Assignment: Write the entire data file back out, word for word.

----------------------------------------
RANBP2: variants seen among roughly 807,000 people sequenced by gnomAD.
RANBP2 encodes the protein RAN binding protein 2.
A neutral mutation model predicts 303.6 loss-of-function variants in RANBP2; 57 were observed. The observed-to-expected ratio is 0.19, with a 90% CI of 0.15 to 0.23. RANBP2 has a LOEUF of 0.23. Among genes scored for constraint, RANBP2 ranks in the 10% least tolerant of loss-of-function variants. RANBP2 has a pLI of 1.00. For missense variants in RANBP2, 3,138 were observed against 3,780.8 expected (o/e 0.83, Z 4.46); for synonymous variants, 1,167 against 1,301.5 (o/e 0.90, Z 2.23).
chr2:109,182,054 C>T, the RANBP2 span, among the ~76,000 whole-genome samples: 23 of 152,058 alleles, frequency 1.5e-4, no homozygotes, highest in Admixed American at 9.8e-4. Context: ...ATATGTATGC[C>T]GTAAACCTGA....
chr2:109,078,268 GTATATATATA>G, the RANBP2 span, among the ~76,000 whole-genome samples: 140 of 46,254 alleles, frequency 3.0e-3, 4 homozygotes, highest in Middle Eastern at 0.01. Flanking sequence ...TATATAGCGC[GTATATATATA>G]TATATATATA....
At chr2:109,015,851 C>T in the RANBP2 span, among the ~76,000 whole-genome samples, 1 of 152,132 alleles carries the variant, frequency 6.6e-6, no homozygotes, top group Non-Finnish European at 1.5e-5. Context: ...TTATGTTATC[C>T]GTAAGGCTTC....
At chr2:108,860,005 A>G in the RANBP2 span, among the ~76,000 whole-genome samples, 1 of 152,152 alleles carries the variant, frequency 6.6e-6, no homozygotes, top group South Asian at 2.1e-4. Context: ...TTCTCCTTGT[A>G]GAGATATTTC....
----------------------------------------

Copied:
RANBP2: variants seen among roughly 807,000 people sequenced by gnomAD.
RANBP2 encodes the protein RAN binding protein 2.
A neutral mutation model predicts 303.6 loss-of-function variants in RANBP2; 57 were observed. The observed-to-expected ratio is 0.19, with a 90% CI of 0.15 to 0.23. RANBP2 has a LOEUF of 0.23. Among genes scored for constraint, RANBP2 ranks in the 10% least tolerant of loss-of-function variants. RANBP2 has a pLI of 1.00. For missense variants in RANBP2, 3,138 were observed against 3,780.8 expected (o/e 0.83, Z 4.46); for synonymous variants, 1,167 against 1,301.5 (o/e 0.90, Z 2.23).
chr2:109,182,054 C>T, the RANBP2 span, among the ~76,000 whole-genome samples: 23 of 152,058 alleles, frequency 1.5e-4, no homozygotes, highest in Admixed American at 9.8e-4. Context: ...ATATGTATGC[C>T]GTAAACCTGA....
chr2:109,078,268 GTATATATATA>G, the RANBP2 span, among the ~76,000 whole-genome samples: 140 of 46,254 alleles, frequency 3.0e-3, 4 homozygotes, highest in Middle Eastern at 0.01. Flanking sequence ...TATATAGCGC[GTATATATATA>G]TATATATATA....
At chr2:109,015,851 C>T in the RANBP2 span, among the ~76,000 whole-genome samples, 1 of 152,132 alleles carries the variant, frequency 6.6e-6, no homozygotes, top group Non-Finnish European at 1.5e-5. Context: ...TTATGTTATC[C>T]GTAAGGCTTC....
At chr2:108,860,005 A>G in the RANBP2 span, among the ~76,000 whole-genome samples, 1 of 152,152 alleles carries the variant, frequency 6.6e-6, no homozygotes, top group South Asian at 2.1e-4. Context: ...TTCTCCTTGT[A>G]GAGATATTTC....